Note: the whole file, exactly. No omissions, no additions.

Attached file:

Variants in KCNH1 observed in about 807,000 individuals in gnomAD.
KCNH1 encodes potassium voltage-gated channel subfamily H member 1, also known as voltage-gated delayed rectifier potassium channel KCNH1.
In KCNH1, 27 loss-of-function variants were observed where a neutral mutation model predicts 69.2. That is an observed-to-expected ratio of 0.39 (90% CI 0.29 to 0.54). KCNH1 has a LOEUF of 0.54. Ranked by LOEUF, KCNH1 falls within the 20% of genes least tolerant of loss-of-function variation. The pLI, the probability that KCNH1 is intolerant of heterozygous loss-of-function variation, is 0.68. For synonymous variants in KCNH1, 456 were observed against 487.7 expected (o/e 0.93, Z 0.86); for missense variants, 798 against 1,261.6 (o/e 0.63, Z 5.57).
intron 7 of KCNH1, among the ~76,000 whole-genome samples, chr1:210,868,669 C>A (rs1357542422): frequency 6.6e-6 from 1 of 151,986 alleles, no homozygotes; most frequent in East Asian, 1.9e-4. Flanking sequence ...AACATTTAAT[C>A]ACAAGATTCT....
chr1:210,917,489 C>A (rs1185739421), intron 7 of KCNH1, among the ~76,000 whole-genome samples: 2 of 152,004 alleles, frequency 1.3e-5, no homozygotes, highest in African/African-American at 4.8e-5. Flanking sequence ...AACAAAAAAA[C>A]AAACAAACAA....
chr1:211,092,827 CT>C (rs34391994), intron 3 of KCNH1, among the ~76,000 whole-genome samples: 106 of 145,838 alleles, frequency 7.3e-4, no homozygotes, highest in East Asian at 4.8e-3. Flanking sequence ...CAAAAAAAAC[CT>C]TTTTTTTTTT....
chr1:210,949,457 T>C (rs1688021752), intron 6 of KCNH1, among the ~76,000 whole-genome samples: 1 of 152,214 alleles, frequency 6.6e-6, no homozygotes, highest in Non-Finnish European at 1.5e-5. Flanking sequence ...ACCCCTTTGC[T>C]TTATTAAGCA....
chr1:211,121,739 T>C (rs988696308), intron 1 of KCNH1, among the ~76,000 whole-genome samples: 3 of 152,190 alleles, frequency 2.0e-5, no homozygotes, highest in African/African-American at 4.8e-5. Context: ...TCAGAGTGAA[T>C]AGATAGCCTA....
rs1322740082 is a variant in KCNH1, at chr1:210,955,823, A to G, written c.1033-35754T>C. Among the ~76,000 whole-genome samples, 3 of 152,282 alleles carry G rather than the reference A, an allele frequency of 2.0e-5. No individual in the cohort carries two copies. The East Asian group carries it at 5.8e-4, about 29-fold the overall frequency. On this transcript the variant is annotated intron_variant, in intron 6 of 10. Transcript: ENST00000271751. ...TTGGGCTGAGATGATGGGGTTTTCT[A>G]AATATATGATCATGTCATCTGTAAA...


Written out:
Variants in KCNH1 observed in about 807,000 individuals in gnomAD.
KCNH1 encodes potassium voltage-gated channel subfamily H member 1, also known as voltage-gated delayed rectifier potassium channel KCNH1.
In KCNH1, 27 loss-of-function variants were observed where a neutral mutation model predicts 69.2. That is an observed-to-expected ratio of 0.39 (90% CI 0.29 to 0.54). KCNH1 has a LOEUF of 0.54. Ranked by LOEUF, KCNH1 falls within the 20% of genes least tolerant of loss-of-function variation. The pLI, the probability that KCNH1 is intolerant of heterozygous loss-of-function variation, is 0.68. For synonymous variants in KCNH1, 456 were observed against 487.7 expected (o/e 0.93, Z 0.86); for missense variants, 798 against 1,261.6 (o/e 0.63, Z 5.57).
intron 7 of KCNH1, among the ~76,000 whole-genome samples, chr1:210,868,669 C>A (rs1357542422): frequency 6.6e-6 from 1 of 151,986 alleles, no homozygotes; most frequent in East Asian, 1.9e-4. Flanking sequence ...AACATTTAAT[C>A]ACAAGATTCT....
chr1:210,917,489 C>A (rs1185739421), intron 7 of KCNH1, among the ~76,000 whole-genome samples: 2 of 152,004 alleles, frequency 1.3e-5, no homozygotes, highest in African/African-American at 4.8e-5. Flanking sequence ...AACAAAAAAA[C>A]AAACAAACAA....
chr1:211,092,827 CT>C (rs34391994), intron 3 of KCNH1, among the ~76,000 whole-genome samples: 106 of 145,838 alleles, frequency 7.3e-4, no homozygotes, highest in East Asian at 4.8e-3. Flanking sequence ...CAAAAAAAAC[CT>C]TTTTTTTTTT....
chr1:210,949,457 T>C (rs1688021752), intron 6 of KCNH1, among the ~76,000 whole-genome samples: 1 of 152,214 alleles, frequency 6.6e-6, no homozygotes, highest in Non-Finnish European at 1.5e-5. Flanking sequence ...ACCCCTTTGC[T>C]TTATTAAGCA....
chr1:211,121,739 T>C (rs988696308), intron 1 of KCNH1, among the ~76,000 whole-genome samples: 3 of 152,190 alleles, frequency 2.0e-5, no homozygotes, highest in African/African-American at 4.8e-5. Context: ...TCAGAGTGAA[T>C]AGATAGCCTA....
rs1322740082 is a variant in KCNH1, at chr1:210,955,823, A to G, written c.1033-35754T>C. Among the ~76,000 whole-genome samples, 3 of 152,282 alleles carry G rather than the reference A, an allele frequency of 2.0e-5. No individual in the cohort carries two copies. The East Asian group carries it at 5.8e-4, about 29-fold the overall frequency. On this transcript the variant is annotated intron_variant, in intron 6 of 10. Transcript: ENST00000271751. ...TTGGGCTGAGATGATGGGGTTTTCT[A>G]AATATATGATCATGTCATCTGTAAA...